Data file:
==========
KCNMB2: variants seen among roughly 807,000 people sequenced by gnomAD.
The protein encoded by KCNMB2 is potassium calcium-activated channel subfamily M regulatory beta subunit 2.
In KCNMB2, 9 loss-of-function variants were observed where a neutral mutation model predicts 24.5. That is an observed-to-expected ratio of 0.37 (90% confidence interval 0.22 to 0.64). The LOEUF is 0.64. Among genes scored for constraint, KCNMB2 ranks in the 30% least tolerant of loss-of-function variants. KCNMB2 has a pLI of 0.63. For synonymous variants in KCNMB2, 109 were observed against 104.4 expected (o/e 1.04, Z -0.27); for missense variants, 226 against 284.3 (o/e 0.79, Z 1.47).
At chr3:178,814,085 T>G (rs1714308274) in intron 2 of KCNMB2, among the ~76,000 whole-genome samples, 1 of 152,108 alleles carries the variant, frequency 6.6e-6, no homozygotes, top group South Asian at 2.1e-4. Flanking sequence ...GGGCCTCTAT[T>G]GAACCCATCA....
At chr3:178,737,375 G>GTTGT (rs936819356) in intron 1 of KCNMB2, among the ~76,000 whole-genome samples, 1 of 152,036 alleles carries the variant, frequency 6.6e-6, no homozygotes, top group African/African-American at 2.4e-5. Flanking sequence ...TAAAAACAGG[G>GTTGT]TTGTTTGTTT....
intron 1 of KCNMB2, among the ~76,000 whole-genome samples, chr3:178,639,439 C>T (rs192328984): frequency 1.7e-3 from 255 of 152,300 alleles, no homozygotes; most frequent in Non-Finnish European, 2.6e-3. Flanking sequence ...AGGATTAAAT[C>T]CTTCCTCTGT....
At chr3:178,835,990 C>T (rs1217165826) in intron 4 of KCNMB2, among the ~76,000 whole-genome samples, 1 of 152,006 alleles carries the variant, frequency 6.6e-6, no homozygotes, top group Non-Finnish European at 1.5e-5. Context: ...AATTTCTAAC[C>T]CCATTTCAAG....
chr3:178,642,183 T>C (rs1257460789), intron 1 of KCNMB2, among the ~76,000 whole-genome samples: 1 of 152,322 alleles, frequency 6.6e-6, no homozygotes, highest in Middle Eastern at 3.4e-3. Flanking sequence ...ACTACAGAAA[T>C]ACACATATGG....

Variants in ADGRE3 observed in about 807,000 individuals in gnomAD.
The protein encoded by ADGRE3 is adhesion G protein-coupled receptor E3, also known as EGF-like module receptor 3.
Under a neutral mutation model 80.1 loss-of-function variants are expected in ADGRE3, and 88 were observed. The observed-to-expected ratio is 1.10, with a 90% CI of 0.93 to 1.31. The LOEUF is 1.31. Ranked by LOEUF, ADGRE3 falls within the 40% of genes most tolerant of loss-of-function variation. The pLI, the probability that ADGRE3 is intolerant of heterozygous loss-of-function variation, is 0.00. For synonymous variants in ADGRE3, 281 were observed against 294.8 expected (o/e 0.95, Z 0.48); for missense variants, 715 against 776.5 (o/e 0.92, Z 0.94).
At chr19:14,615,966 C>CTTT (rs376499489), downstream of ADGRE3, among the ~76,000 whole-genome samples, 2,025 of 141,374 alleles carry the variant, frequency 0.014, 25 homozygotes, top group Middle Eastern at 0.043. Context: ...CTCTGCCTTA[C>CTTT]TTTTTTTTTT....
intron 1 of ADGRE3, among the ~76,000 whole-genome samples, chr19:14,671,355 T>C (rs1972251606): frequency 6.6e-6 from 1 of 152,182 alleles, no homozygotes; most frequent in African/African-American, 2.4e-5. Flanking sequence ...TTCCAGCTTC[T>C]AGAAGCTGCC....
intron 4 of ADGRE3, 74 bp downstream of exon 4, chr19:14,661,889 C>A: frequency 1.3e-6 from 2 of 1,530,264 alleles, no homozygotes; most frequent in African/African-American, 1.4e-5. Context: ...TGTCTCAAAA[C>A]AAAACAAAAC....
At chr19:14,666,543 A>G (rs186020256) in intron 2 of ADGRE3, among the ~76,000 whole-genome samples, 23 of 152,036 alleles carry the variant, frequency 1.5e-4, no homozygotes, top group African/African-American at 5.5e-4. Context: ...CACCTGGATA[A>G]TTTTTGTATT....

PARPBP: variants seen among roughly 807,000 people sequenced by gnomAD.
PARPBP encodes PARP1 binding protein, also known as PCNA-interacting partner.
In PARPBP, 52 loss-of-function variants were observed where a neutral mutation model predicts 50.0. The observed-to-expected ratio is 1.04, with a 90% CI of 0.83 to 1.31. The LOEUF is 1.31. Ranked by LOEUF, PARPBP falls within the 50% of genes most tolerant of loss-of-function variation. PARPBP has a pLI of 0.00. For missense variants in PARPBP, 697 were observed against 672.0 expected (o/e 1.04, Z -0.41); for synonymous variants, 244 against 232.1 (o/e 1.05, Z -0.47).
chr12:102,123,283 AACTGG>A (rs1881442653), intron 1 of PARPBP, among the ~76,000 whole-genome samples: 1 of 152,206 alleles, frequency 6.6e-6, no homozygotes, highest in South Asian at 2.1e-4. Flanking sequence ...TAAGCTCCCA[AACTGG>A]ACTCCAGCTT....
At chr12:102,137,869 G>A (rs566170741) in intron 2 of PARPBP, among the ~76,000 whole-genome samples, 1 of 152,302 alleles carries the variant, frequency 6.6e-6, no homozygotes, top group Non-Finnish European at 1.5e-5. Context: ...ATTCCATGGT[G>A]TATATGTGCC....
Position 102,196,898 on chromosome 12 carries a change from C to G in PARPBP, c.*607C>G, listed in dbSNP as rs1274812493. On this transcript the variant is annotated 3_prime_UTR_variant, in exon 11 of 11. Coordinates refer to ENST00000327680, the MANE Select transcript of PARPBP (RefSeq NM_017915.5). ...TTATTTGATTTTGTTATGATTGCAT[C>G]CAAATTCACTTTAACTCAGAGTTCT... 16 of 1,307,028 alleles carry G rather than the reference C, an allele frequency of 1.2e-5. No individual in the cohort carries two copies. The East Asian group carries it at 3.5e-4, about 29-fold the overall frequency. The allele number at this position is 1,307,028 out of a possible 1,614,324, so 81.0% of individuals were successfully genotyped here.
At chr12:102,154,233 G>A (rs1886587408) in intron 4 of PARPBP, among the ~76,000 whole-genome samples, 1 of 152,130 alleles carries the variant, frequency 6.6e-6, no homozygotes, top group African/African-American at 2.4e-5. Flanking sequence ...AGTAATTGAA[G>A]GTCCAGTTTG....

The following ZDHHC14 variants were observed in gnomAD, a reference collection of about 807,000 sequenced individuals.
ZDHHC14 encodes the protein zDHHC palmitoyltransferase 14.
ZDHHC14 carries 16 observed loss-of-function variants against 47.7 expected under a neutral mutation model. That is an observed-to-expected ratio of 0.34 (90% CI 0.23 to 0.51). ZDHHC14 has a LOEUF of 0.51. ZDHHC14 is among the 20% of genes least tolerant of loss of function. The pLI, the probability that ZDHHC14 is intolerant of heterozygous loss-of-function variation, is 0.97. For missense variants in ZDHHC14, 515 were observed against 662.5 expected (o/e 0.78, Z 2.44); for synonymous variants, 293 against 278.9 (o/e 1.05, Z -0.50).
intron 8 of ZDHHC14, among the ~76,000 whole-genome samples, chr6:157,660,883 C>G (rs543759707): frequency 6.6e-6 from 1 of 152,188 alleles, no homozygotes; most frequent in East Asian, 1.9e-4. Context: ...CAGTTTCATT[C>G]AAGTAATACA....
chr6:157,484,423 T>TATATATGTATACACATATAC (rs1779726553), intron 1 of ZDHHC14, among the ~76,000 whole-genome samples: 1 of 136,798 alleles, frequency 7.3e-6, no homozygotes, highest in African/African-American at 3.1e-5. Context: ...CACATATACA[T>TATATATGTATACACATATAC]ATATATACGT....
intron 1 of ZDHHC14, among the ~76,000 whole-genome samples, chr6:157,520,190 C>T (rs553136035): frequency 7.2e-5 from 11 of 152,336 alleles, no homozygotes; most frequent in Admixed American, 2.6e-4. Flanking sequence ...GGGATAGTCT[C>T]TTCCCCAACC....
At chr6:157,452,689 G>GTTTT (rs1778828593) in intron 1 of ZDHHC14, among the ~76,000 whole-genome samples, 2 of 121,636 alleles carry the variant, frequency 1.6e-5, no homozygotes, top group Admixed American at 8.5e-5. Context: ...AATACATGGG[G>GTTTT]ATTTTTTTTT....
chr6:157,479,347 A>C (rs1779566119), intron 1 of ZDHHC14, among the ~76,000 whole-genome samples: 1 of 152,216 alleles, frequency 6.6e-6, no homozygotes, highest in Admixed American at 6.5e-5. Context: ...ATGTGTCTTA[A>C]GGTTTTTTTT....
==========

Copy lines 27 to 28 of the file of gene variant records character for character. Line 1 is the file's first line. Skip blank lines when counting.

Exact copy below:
chr6:157,484,423 T>TATATATGTATACACATATAC (rs1779726553), intron 1 of ZDHHC14, among the ~76,000 whole-genome samples: 1 of 136,798 alleles, frequency 7.3e-6, no homozygotes, highest in African/African-American at 3.1e-5. Context: ...CACATATACA[T>TATATATGTATACACATATAC]ATATATACGT....
intron 1 of ZDHHC14, among the ~76,000 whole-genome samples, chr6:157,520,190 C>T (rs553136035): frequency 7.2e-5 from 11 of 152,336 alleles, no homozygotes; most frequent in Admixed American, 2.6e-4. Flanking sequence ...GGGATAGTCT[C>T]TTCCCCAACC....